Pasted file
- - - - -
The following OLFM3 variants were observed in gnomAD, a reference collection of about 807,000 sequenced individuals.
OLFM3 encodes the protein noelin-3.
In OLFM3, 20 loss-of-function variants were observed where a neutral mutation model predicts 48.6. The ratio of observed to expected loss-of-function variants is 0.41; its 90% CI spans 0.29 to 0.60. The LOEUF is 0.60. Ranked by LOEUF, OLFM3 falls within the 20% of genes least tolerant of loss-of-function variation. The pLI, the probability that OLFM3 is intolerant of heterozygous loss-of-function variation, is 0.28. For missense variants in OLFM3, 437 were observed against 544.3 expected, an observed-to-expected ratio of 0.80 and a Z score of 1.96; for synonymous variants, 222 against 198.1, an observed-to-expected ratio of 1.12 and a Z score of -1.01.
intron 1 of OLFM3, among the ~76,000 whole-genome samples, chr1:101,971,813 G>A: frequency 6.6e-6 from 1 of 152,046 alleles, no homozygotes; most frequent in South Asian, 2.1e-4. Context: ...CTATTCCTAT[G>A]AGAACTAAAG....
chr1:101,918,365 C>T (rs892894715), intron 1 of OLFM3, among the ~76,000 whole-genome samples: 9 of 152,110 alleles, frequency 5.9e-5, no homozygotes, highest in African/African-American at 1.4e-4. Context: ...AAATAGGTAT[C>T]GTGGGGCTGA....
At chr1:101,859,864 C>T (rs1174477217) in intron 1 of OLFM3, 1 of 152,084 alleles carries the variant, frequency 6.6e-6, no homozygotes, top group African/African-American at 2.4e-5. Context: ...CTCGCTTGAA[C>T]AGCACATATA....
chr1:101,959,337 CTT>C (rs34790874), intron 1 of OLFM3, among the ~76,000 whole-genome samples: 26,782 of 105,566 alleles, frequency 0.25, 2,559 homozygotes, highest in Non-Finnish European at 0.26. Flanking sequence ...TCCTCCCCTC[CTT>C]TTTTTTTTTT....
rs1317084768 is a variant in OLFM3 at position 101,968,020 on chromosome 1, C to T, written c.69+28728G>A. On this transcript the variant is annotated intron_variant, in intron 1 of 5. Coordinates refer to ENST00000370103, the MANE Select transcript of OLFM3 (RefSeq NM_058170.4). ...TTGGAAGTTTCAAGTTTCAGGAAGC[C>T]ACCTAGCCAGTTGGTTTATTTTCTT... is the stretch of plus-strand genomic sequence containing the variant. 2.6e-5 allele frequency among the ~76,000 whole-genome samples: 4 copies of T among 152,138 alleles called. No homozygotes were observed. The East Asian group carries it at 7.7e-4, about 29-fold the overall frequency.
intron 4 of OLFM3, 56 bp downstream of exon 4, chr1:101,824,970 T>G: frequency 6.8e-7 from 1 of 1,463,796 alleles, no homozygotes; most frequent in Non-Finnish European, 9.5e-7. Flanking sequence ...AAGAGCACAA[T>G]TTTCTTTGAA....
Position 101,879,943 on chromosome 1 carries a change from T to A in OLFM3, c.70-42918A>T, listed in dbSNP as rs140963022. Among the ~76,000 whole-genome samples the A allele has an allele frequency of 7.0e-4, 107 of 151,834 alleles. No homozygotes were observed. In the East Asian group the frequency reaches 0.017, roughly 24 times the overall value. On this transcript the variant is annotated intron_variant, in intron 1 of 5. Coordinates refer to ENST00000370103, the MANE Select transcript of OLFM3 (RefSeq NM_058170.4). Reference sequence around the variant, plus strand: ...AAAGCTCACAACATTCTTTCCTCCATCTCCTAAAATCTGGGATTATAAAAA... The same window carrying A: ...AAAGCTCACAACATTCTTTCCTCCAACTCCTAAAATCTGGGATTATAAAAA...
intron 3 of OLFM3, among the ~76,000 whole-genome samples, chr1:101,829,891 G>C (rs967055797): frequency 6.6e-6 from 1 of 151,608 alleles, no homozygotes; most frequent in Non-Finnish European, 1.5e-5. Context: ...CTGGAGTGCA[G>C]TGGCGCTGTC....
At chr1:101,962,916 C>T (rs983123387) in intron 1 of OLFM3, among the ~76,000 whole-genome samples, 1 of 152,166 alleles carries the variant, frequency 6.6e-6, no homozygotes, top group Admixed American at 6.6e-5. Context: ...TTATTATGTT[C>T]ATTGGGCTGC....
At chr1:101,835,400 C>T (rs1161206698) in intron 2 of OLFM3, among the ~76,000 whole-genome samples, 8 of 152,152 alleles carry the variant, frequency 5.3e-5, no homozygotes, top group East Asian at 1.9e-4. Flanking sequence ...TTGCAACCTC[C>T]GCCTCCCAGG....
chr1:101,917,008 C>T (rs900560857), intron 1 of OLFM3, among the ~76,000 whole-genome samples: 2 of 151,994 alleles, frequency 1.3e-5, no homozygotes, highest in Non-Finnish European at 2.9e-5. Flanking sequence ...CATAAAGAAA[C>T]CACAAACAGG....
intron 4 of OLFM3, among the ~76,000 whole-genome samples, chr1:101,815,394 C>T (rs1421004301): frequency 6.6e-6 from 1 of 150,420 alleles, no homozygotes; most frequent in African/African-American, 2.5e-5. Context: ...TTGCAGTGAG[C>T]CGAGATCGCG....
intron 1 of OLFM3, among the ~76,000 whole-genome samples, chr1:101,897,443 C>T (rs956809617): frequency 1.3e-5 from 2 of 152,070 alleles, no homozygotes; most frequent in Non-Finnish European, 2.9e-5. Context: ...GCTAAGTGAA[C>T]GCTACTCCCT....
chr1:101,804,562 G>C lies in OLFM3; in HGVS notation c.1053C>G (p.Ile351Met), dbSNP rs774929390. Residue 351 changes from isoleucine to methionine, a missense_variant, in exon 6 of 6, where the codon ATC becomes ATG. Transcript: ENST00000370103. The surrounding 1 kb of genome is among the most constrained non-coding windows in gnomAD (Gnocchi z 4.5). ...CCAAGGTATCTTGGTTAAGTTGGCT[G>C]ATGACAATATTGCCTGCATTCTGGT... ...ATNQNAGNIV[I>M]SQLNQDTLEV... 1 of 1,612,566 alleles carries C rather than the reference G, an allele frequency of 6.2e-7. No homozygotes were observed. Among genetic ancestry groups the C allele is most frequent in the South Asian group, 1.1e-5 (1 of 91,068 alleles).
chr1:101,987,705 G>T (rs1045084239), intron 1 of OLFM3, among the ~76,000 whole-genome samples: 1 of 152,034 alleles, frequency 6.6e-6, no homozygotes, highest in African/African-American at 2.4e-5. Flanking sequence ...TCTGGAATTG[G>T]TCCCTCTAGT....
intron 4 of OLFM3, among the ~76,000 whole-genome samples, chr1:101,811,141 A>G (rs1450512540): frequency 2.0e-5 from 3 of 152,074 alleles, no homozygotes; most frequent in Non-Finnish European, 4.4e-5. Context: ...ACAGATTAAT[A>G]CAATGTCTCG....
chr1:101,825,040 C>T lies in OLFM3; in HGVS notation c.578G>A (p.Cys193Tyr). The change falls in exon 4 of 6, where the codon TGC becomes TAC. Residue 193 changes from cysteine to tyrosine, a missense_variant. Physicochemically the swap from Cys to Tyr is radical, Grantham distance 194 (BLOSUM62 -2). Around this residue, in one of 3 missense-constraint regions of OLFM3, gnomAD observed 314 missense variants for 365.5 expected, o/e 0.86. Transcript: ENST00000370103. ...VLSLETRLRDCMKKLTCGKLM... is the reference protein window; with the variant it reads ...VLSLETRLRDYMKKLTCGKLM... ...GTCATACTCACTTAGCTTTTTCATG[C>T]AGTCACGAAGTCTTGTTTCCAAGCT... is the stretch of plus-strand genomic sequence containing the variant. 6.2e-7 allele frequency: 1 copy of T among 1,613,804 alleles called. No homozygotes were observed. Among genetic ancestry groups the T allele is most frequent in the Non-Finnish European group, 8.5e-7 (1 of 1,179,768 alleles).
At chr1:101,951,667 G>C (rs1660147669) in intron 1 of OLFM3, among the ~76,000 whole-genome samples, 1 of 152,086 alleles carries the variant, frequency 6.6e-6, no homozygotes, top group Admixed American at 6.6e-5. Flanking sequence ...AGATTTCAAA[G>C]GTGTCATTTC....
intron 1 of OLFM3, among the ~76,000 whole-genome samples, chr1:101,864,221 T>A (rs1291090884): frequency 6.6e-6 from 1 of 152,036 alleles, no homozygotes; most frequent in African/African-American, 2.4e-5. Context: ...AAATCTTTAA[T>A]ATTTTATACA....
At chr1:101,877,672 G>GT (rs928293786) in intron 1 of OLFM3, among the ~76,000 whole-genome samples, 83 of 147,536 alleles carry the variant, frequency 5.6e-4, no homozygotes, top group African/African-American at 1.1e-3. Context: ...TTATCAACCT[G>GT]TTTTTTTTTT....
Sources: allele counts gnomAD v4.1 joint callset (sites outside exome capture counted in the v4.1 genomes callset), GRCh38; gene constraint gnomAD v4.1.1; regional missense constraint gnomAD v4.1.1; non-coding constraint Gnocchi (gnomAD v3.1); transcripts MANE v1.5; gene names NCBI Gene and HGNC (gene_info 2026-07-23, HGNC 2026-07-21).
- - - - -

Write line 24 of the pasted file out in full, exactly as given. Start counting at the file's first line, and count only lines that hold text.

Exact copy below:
Sources: allele counts gnomAD v4.1 joint callset (sites outside exome capture counted in the v4.1 genomes callset), GRCh38; gene constraint gnomAD v4.1.1; regional missense constraint gnomAD v4.1.1; non-coding constraint Gnocchi (gnomAD v3.1); transcripts MANE v1.5; gene names NCBI Gene and HGNC (gene_info 2026-07-23, HGNC 2026-07-21).